Hoshang Merchant: In Conversation

Q&A with Hoshang Merchant | ‘Liberation does not come in a day’

The poet on his autobiography, sexuality, authorial identity and Section 377

By Amirta Roy | Livemint

A Parsi who has studied Sufism in Iran and Buddhism in Dharamsala. A prolific poet whose staid day job happens to be that of an educationist. A Mumbai boy who has lived in Los Angeles and Jerusalem, and made a home in Hyderabad. One of the most prominent gay voices in the subcontinent, but one which does not believe in gay marriage. Identities merge in Hoshang Merchant’s latest book, the simultaneously witty and moving The Man Who Would be Queen, published 11 years after the critically acclaimed Yaarana, the first anthology of gay writing from India that Merchant edited. He spoke to Lounge about the new book and his concerns about gay identity. Edited excerpts from an interview:

hoshang merchant

Image Copyrights: Pradeep Gaur/Mint

The cover describes the book as ‘autobiographical fiction’. Is it more autobiography than fiction?

It is an autobiography. But it’s also fiction because memory plays tricks. Ghalib used to tell would-be poets, don’t talk about what you’ve eaten for breakfast. Different people eat different things. Say breakfast; everybody eats breakfast. Keep to the generalities, then people can relate. As it is, being gay is so strange for most people. People don’t talk about it. So you’ve got to tell them, “Look, there are thoroughly normal middle-class people who are gay”.

You’ve said you don’t like ‘gay’. You prefer ‘queer’. Yet you used ‘queen’ in the title.

I wanted to play on (Rudyard) Kipling’s The Man Who Would be King. So I said, “The man who would be woman”. But my students suggested “queen”. It’s slang, though I don’t know the exact nuance. A man who wears make-up? Like Quentin Crisp, the British foreign service officer who wore mascara to work during the height of the British empire. Later, when his (memoir) The Naked Civil Servant was published, the Queen Mother loved him and they became friends. My students call me the Quentin Crisp of India. But Crisp was 1930s, and I’m very now.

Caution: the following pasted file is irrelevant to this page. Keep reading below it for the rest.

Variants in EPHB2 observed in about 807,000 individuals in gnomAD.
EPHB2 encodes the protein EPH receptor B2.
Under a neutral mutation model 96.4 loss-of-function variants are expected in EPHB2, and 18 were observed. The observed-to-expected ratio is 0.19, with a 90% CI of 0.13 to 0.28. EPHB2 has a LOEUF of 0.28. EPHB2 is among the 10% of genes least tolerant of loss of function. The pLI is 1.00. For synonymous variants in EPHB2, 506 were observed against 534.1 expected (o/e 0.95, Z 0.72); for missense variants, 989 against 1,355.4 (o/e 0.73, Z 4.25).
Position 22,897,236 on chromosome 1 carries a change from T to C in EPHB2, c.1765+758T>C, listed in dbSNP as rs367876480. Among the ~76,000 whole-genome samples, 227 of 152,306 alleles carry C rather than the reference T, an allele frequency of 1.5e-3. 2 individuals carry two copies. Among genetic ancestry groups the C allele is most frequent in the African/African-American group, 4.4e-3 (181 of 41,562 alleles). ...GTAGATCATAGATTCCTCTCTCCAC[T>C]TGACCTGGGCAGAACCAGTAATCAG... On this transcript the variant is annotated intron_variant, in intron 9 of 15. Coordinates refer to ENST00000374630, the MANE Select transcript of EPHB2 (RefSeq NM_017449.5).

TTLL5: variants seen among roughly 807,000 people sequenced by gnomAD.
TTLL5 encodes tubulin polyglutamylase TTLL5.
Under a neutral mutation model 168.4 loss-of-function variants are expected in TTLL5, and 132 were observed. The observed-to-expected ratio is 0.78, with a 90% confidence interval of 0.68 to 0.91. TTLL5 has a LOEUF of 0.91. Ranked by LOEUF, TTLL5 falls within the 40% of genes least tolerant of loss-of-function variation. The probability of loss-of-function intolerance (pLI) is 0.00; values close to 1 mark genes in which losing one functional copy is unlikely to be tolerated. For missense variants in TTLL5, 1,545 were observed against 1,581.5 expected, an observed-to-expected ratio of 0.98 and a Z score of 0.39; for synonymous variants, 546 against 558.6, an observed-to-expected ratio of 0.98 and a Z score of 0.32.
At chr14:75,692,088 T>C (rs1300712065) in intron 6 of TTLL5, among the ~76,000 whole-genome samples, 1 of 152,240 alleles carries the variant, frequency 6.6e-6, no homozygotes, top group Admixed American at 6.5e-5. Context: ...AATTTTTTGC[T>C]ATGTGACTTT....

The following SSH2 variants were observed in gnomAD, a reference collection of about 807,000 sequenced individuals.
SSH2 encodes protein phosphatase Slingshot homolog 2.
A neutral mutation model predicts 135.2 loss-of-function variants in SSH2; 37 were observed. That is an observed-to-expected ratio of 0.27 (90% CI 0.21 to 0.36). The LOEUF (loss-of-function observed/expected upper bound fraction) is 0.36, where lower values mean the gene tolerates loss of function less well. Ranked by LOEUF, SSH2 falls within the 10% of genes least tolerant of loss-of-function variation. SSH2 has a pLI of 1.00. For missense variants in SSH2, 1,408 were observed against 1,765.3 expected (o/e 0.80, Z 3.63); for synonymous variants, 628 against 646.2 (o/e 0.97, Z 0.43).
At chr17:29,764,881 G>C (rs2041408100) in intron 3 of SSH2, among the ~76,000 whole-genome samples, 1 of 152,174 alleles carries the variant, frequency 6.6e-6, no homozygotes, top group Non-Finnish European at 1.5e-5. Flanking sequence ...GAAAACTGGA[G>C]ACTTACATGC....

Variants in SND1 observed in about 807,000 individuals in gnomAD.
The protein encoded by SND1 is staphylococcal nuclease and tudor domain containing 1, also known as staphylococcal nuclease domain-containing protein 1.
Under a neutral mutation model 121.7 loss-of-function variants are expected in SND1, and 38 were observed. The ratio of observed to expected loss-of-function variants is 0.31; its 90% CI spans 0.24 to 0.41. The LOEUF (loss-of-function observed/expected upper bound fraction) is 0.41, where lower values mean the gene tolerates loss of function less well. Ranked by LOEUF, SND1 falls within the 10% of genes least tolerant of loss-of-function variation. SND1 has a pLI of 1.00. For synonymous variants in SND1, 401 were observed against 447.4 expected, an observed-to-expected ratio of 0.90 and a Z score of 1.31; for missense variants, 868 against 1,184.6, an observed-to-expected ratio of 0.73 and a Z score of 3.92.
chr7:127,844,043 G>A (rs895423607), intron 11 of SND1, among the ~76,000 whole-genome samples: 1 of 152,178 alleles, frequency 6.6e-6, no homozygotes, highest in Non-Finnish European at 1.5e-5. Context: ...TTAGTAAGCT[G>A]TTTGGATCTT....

They are very literary. They don’t know where I’m coming from, or what I’m parodying.

While an author’s sexual identity is important to the understanding of his work, are tags like ‘gay literature’ limiting?

I didn’t write it as “gay” literature. I wrote as a human being who has a story to tell. My parents’ divorce was very traumatic. Gay people don’t divorce, only straight people do. There were no gay marriages at that time. So if gays follow straights into marrying, gay divorces will also follow. We read because we want experiences which are not ours. When I read a good lesbian book, I become a lesbian. When I read Nightwood by Djuna Barnes, I weep and weep for the two women in love. I forget my identity as a Parsi, or as a man. I can be a human for some time.

Also Read | The Man Who Would Be Queen | Speak, memory

So you don’t agree with the concept of gay marriage?

No, I don’t. Marriages are about property. Any marriage. Say somebody has served somebody for 25 years, and then he dies. So the other one inherits his property. But what about people who don’t have property? Or what about the kind of relationships that don’t last that long? The kind of relationships I’ve had—two months, three months, a few days. What does marriage mean to people like us? But I can understand that people have grown up in a heterosexual society and want to think, “Oh, I want to live with this person for ever”. I did too. I knew no better. I’d also grown up seeing my father and mother.

Do you think gay movements in India are still predominantly urban?

That’s not really true, though I’m out of it and only meet people when I attend meetings. But I’ve had readers from small towns tell me they enjoyed reading Yaarana or my poems. There was this man, from Hubli I think, who called to say that though he didn’t speak English he could identify with the simple language of the book. So to say it’s only urban or elitist is pure nonsense. But do you think I’d have been able to find my voice if I hadn’t had an English education, gone to the US and been with people like (feminist and author of erotica) Anaïs Nin?

And what is cosmo-politanism? It doesn’t mean anything. I lived in LA in the 1960s. I had teachers who were in the closet. I’d suspect they were gays. I’d fantasize. “Ill met by moon, proud Titania,” you know. But that never happened. We only knew for sure after their deaths. I couldn’t live in closets because I was a flaming queen with my swaying hips and long hair, but I’d have to go to brothels for sex.

Has the Delhi high court ruling on section 377 changed anything?

It will. Psychologically, it will. Like the emancipation Bill in the US. It stopped the lynchings, but oppression continued in other forms. Jim Crowism, toadyism. We’ve to go through the whole gamut. Liberation does not come in a day.